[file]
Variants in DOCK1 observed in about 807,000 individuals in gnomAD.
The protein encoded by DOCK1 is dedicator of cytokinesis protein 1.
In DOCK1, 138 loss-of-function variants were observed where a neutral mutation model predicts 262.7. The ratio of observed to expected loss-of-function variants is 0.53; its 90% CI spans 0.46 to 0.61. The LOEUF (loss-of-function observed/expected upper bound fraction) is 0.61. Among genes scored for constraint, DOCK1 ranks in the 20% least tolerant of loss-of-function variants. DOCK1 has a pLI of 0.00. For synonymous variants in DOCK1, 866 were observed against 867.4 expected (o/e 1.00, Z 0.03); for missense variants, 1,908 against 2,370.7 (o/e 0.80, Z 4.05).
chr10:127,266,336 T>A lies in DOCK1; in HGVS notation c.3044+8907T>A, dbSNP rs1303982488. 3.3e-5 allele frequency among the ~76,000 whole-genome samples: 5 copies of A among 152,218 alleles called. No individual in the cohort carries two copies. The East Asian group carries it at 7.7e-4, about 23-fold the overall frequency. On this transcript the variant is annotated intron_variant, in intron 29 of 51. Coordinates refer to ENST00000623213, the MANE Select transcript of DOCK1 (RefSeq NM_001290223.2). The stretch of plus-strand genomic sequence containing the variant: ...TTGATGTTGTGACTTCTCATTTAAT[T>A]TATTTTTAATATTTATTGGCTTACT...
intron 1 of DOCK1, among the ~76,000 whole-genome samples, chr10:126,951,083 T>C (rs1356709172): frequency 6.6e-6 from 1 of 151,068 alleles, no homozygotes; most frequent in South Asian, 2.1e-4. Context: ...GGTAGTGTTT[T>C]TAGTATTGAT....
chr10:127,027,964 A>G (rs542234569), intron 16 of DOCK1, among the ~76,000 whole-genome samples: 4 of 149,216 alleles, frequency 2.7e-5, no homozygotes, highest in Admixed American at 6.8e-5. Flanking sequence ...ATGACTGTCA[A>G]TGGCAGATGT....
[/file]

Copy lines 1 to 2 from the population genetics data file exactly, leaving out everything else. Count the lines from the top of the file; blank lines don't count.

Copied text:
Variants in DOCK1 observed in about 807,000 individuals in gnomAD.
The protein encoded by DOCK1 is dedicator of cytokinesis protein 1.